setop(1) make set of strings from input


setop [,-h/] [,--quiet | --verbose/] [,-C/] [,--include-empty/] [,-n insepar | -l elregex/] [,-o outsepar/] [,-t trimchars/] [,-u|i|s/] [,inputfilename/],* /[,-d filename/],* /[,-# | --is-empty | -c element | -e filename | -b filename | -p filename/]


Apply set operations like union, intersection, or set difference to input files and print resulting set (sorted and with unique string elements) to standard output or give answer to special queries like number of elements.


produce this help message and exit
output name and version
suppress all output messages in case of special queries (e. g. when check if element is contained in set)
always use output messages in case of special queries (i. e. also output message on success)
-C [ --ignore-case ]
handle input elements case-insensitive
don???t ignore empty elements (these can come from empty lines, trimming, etc.)
-n [ --input-separator ] arg
describe the form of an input separator as regular expression in ECMAScript syntax; default is new line (if --input-element is not given); don???t forget to include the new line character \n when you set the input separator manually, when desired!
-l [ --input-element ] arg
describe the form of input elements as regular expression in ECMAScript syntax
-o [ --output-separator ] arg (=\n) string for separating output elements;
escape sequences are allowed
-t [ --trim ] arg
trim all given characters at beginning and end of elements (escape sequences allowed)
-u [ --union ]
unite all given input sets (default)
-i [ --intersection ]
unite all given input sets
-s [ --symmetric-difference ]
build symmetric difference for all given input sets
-d [ --difference ] arg
subtract all elements in given file from output set
-# [ --count ]
just output number of (different) elements, don???t list them
check if resulting set is empty
-c [ --contains ] arg
check if given element is contained in set
-e [ --equal ] arg
check set equality, i. e. check if output corresponds with content of file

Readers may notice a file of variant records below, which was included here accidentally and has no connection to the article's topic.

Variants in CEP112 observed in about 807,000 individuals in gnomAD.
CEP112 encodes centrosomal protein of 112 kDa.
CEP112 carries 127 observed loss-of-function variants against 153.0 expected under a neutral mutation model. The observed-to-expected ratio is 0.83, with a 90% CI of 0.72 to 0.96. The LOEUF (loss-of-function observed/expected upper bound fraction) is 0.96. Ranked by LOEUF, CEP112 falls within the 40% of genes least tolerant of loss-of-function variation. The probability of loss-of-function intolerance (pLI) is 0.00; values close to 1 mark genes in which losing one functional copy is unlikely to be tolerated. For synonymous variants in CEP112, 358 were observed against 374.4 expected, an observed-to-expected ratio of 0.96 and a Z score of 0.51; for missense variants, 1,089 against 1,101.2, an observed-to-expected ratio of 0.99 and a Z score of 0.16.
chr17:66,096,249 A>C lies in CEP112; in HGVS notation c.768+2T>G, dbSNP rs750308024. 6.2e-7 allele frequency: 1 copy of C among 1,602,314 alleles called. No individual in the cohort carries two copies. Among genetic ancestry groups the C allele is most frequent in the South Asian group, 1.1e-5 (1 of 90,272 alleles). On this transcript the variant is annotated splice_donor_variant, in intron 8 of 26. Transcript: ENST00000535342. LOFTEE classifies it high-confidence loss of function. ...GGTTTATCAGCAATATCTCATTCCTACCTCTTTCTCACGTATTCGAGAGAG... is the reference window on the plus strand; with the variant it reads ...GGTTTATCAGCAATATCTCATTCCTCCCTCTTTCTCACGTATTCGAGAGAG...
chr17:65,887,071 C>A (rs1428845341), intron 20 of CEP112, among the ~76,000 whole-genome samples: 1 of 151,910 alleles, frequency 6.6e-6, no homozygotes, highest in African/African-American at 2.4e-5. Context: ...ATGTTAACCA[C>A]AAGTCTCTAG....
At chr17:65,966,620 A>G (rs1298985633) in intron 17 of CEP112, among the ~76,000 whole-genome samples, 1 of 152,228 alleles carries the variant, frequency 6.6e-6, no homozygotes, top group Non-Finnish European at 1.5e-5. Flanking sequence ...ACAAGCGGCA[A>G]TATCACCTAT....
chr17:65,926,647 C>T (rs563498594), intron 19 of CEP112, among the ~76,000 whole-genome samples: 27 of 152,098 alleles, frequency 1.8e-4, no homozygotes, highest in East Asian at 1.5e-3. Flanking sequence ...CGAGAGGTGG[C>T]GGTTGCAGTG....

-b [ --subset ] arg
check if content of file is subset of output set
-p [ --superset ] arg
check if content of file is superset of output set

No input filename or "-" is equal to reading from standard input.

The sequence of events of setop is as follows: At first, all input files are parsed and combined according to one of the options -u, -i, or -s. After that, all inputs from option -d are parsed and removed from result of first step. Finally, the desired output is printed to screen: the set itself, or its number of elements, or a comparison to another set (option -e), etc.

By default each line of an input stream is considered to be an element, you can change this by defining regular expressions within the options --input-separator or --input-element. When using both, the input stream is first split according to the separator and after that filtered by the desired input element form. After finding the elements they are finally trimmed according to the argument given with --trim. The option -C lets you treat Word and WORD equal, only the first occurrence of all input streams is considered. Note that -C does not affect the regular expressions used in --input-separator and --input-element.

When describing strings and characters for the output separator or for the option --trim you can use escape sequences like \t, \n, \" and \'. But be aware that some of these sequences (especially \\ and \") might be interpreted by your shell before passing the string to setop. In that case you have to use \\\\ respectively \\\" just for describing a \ or a ". You can check your shell???s behavior with echo "\\ and \""

Special boolean queries (e. g. check if element is contained in set) don???t return anything in case of success except their exit code EXIT_SUCCESS (0). In case the query is unsuccessful (e. g. element not contained in set) the exit code is guaranteed to be unequal to EXIT_SUCCESS and to EXIT_FAILURE (1). (Here it is 3.) This way, setop can be used in the shell.


setop -c ":fooBAR-:" --trim ":-\t" -C -d B.txt A.txt
case-insensitive check if element "foobar" is contained in A minus B

setop A.txt - -i B.txt --input-element "\d+"

output intersection of console, A, and B, where elements are recognized as strings of digits with at least one character; i. e. elements are non-negative integers

setop -s A.txt B.txt --input-separator [[:space:]-]

find all elements contained in A *or* B, not both, where a whitespace (i. e. \v \t \n \r \f or space) or a minus is interpreted as a separator between elements